1/2 cup ( 1.3 oz or 40 g) + 1 tbsp dark roast ground coffee, divided
1/3 cup whole milk
1.Brew a very strong coffee with 1+1/2 cup of water and 1/2 cup of ground coffee. With a paper filter, that will yield 1 cup of very strongly brewed coffee. You can substitute with a cup of strongly brewed espresso.
2.Whisk together the condensed milk, espresso, milk and ground coffee. Chill the mixture thoroughly, then freeze it in your ice cream machine according to the manufacturer’s instructions.
Brown Butter Pound Cake
275g unsalted butter
2 cups (200g) sifted cake flour
1 teaspoon (5g) baking powder
1/2 teaspoon (3g) salt
1/2 cup (110g) packed light brown sugar
1/3 (75g) cup granulated sugar
4 large eggs
1/2 teaspoon pure vanilla extract
1. Preheat the oven to 325°F/160°C and put a rack in the center. Butter and flour a 9”x9” (23cmx23cm) square pan. (I used a round cake tin)
2. Place the butter in a 10” (25cm) skillet over medium heat. Brown the butter until the milk solids are a dark chocolate brown and the butter smells nutty. (Don’t take your eyes off the butter in case it burns.) Pour into a shallow bowl and chill in the freezer until just congealed, 15-30 minutes.
3. Whisk together cake flour, baking powder, and salt.
4. Beat the brown butter, light brown sugar, and granulated sugar in an electric mixer until light and fluffy, about 2 minutes. Beat in the eggs one at a time, mixing well, and then the vanilla extract.
5. Stir in the flour mixture at low speed until just combined.
6. Scrape the batter into the greased and floured 9”x9” (23cmx23cm) square pan. Smooth the top with a rubber spatula and rap the pan on the counter. Bake until golden brown on top and when a toothpick inserted into the center comes out clean, about 25 minutes.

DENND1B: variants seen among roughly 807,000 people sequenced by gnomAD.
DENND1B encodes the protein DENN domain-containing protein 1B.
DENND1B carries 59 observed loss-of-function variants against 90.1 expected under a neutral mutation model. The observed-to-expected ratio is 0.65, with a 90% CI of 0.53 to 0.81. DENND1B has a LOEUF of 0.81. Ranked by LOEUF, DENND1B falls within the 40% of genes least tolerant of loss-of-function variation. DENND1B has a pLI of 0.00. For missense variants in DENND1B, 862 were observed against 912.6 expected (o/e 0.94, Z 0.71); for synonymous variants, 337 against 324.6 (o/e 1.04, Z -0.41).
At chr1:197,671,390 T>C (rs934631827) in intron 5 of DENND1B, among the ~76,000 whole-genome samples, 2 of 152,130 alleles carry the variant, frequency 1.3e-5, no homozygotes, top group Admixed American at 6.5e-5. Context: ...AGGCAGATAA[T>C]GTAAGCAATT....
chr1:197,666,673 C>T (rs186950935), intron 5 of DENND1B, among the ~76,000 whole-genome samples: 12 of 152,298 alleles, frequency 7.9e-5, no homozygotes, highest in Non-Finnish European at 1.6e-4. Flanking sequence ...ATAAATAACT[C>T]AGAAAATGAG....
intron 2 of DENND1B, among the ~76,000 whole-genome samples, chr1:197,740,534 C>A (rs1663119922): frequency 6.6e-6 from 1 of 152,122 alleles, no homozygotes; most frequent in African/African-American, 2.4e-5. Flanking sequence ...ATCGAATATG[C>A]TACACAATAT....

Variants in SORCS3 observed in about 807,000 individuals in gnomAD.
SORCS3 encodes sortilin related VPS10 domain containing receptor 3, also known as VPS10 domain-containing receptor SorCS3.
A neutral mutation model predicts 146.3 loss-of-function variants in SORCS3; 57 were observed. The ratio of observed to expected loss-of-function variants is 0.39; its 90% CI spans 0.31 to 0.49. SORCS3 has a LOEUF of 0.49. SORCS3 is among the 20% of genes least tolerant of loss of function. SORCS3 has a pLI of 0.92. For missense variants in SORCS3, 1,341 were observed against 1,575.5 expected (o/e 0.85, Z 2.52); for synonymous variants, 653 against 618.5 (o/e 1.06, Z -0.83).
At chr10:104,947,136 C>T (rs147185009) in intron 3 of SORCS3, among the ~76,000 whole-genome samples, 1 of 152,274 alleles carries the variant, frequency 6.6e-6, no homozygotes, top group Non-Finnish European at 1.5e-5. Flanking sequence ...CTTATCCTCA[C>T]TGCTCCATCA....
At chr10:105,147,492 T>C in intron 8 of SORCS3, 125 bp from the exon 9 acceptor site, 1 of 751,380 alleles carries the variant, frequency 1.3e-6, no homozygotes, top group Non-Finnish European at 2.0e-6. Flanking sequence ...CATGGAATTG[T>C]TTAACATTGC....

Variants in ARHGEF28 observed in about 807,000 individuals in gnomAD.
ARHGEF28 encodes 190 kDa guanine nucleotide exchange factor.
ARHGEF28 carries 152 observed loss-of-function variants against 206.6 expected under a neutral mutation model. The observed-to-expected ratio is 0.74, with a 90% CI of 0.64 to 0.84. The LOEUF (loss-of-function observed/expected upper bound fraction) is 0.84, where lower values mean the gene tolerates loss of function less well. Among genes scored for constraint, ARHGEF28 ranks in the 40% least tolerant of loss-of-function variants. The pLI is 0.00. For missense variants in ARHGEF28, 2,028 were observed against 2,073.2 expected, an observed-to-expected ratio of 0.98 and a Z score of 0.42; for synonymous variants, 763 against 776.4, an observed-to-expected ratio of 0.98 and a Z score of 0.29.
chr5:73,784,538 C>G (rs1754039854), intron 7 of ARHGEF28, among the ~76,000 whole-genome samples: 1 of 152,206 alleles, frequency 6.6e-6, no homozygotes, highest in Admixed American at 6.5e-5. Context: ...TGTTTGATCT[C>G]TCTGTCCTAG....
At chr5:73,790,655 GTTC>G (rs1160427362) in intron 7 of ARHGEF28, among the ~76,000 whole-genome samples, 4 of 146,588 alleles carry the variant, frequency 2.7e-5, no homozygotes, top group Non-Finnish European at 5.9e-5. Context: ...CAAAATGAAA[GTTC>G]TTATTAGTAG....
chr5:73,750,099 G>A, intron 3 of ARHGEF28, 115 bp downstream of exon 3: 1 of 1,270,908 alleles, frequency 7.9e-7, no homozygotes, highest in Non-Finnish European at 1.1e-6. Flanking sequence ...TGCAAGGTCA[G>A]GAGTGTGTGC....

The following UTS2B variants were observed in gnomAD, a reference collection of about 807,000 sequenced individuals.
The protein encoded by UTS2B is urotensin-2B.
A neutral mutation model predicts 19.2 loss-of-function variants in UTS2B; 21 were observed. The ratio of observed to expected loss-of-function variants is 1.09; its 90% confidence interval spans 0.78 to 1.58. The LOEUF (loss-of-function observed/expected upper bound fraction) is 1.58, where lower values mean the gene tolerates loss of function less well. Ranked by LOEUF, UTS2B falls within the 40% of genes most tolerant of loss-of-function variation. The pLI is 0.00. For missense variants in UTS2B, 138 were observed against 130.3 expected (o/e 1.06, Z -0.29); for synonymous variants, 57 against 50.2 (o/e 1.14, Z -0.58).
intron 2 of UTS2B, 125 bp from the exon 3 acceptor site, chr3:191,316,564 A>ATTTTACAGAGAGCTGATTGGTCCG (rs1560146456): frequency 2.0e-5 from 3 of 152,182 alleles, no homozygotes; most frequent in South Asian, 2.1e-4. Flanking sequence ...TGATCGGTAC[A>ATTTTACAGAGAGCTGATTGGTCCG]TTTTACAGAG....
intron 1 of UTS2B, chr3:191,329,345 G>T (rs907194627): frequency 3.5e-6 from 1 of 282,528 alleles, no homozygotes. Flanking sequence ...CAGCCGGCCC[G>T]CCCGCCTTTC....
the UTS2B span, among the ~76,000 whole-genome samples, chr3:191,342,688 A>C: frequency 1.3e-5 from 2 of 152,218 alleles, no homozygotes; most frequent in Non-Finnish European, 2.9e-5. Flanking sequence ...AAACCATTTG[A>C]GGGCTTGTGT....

7. Cool in the pan 10 minutes. Run a knife along the edge and invert right-side-up onto a cooling rack to cool completely.
8 large egg whites
½ teaspoon (3g) cream of tartar
½ teaspoon (3g) salt
1 cup (220g) sugar
Beat the egg whites, cream of tartar, and salt on high speed in an electric mixer until soft peaks form. Beat in the sugar gradually in a slow stream until stiff peaks form.
1. Line four 4” (10cm) diameter tea cups with plastic wrap, so that plastic wrap covers all the sides and hangs over the edge. Fill to the top with ice cream. Cover the top with the overhanging plastic wrap and freeze for several hours, or until solid.
2. Level the top of the brown butter pound cake with a serrated knife or with a cake leveler. Cut out four 4” (10cm) diameter circles from the cake. Discard the scraps or use for another purpose.
3. Make the meringue (see above.)
4. Unwrap the ice cream “cups” and invert on top of a cake round. Trim any extra cake if necessary.
5. Pipe the meringue over the ice cream and cake, or smooth it over with a spatula, so that none of the ice cream or cake is exposed. Freeze for one hour or up to a day.
6. Burn the tips of the meringue with a cooking blow torch. Or, bake the meringue-topped Baked Alaska on a rimmed baking sheet in a 500°F/260°C oven for 5 minutes until lightly golden. Serve immediately.